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Flooding in Paris Becomes 'More and More Recurrent'

Climate

A flooded Seine River reached peak flood level early Monday morning following weeks of intense rain that has thoroughly doused Paris.

Authorities reported that the river's flooding peaked at 19.2 feet—just shy of the 20 feet reached in June of 2016, which was its highest level since 1982—and is not expected to recede until Tuesday.


The flooding has shut down subway stations and the lower level of the Louvre while also forcing hundreds of evacuations and putting tourist boats out of service along the river.

"Beyond the emergency, this flooding phenomenon, which is more and more recurrent in Paris, reminds us how important it is for our city to adapt to climate change," Paris Mayor Anne Hidalgo tweeted over the weekend.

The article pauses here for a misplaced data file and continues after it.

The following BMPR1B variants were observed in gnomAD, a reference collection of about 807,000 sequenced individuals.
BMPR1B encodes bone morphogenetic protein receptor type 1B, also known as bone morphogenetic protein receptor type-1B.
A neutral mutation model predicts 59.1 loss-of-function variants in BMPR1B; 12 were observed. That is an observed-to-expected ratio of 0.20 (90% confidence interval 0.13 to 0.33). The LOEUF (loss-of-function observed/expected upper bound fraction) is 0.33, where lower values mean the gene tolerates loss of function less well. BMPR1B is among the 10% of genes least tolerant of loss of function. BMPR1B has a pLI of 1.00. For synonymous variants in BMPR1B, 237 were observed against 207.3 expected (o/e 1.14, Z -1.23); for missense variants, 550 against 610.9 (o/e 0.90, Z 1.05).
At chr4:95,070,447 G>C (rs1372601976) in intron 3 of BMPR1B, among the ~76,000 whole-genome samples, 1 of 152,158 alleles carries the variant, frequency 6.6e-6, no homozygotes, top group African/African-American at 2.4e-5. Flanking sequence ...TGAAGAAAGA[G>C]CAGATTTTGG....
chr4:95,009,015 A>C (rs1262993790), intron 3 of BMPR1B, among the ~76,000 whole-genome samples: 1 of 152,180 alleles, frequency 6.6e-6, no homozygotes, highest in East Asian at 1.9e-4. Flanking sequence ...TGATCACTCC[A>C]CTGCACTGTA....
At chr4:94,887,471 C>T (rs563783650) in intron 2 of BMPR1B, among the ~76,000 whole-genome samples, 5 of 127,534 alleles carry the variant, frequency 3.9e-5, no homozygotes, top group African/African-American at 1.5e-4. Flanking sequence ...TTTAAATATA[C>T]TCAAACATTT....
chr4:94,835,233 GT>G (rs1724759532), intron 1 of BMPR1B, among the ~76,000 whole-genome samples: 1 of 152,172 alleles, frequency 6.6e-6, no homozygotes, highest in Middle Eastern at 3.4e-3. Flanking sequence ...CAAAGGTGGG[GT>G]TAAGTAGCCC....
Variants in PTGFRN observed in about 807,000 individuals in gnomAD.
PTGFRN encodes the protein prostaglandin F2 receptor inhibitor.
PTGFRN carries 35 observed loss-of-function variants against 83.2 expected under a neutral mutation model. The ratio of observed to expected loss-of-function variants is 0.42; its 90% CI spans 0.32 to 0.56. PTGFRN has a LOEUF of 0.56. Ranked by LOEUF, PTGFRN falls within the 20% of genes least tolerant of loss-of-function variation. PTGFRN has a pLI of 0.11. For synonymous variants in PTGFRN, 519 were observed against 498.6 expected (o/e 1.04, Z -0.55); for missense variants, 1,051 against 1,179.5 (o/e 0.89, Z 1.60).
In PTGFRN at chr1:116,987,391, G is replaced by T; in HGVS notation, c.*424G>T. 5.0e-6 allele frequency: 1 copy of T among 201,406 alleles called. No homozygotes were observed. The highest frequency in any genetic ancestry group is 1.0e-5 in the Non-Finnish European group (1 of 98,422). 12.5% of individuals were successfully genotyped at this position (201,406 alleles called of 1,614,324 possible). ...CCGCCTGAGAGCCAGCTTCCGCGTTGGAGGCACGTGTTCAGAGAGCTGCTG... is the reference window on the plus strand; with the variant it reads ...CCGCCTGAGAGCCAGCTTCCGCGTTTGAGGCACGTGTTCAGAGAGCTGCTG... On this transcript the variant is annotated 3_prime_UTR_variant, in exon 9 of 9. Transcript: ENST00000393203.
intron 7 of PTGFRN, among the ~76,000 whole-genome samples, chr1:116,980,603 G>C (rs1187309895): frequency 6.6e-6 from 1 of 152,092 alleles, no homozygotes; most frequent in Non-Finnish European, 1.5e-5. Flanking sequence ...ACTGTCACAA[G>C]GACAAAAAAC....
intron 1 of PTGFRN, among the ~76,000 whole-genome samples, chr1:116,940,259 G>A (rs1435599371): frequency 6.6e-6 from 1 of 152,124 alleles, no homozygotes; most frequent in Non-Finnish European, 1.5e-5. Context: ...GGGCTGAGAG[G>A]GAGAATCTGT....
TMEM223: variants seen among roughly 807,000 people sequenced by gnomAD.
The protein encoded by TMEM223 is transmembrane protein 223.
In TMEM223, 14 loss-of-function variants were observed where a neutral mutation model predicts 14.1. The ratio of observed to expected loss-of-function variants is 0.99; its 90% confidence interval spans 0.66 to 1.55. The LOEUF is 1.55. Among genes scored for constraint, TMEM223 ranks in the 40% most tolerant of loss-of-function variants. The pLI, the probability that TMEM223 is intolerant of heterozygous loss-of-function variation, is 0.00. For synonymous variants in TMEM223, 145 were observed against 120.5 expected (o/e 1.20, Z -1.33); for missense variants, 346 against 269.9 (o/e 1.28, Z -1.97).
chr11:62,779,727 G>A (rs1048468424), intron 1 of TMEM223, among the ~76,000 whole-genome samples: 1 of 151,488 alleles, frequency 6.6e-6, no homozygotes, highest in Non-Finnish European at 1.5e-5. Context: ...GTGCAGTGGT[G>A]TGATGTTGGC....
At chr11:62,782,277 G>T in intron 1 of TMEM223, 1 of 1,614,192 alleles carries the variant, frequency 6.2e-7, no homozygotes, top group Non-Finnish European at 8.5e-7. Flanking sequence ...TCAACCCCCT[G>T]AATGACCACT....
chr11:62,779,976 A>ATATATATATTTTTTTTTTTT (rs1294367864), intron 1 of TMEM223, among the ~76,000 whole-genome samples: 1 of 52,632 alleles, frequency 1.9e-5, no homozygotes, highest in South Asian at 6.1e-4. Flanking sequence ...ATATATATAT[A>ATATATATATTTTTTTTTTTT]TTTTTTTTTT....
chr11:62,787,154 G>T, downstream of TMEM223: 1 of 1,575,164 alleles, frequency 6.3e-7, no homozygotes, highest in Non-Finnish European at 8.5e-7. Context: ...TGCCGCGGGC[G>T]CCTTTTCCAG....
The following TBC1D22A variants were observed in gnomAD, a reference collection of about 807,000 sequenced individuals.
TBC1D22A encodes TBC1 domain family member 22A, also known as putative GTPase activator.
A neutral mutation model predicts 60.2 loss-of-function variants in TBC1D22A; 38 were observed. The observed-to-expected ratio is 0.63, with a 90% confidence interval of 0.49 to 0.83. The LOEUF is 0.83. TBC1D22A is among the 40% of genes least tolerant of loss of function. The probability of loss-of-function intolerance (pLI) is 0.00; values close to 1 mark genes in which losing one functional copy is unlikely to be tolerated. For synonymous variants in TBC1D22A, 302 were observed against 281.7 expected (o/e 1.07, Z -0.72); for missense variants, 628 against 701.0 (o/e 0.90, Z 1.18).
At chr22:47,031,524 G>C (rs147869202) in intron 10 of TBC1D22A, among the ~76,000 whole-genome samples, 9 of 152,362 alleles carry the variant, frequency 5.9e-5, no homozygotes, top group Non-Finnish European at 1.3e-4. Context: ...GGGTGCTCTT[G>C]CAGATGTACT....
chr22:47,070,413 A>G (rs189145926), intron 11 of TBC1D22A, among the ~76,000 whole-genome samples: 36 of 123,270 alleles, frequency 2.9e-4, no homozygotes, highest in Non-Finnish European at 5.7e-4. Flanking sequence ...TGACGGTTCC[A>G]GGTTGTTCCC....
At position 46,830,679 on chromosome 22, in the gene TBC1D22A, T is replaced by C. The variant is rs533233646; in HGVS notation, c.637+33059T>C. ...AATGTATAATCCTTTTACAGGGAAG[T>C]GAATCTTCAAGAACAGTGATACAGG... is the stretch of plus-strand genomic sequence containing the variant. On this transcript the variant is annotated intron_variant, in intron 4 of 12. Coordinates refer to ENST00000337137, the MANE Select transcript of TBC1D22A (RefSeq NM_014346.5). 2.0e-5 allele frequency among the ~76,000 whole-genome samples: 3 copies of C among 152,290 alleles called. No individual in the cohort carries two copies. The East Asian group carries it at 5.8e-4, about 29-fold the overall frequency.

As reported by the New York Times:

"Although some experts said it was hard to determine whether global warming was behind the current flood, others warned that a worrying pattern was emerging.

'Because of climate change, we can expect floods in the Seine basin to be at least as frequent as they are right now,' said Florence Habets, a senior researcher at the C.N.R.S., France's national center for scientific research. 'No matter what we say, the more we reduce our greenhouse gas emissions, the more we reduce our impact on droughts and floods.'"

For a deeper dive:

New York Times, NPR, Washington Post, BBC, Business Insider. Commentary: CNN, Jeffrey H. Jackson op-ed

For more climate change and clean energy news, you can follow Climate Nexus on Twitter and Facebook, and sign up for daily Hot News.

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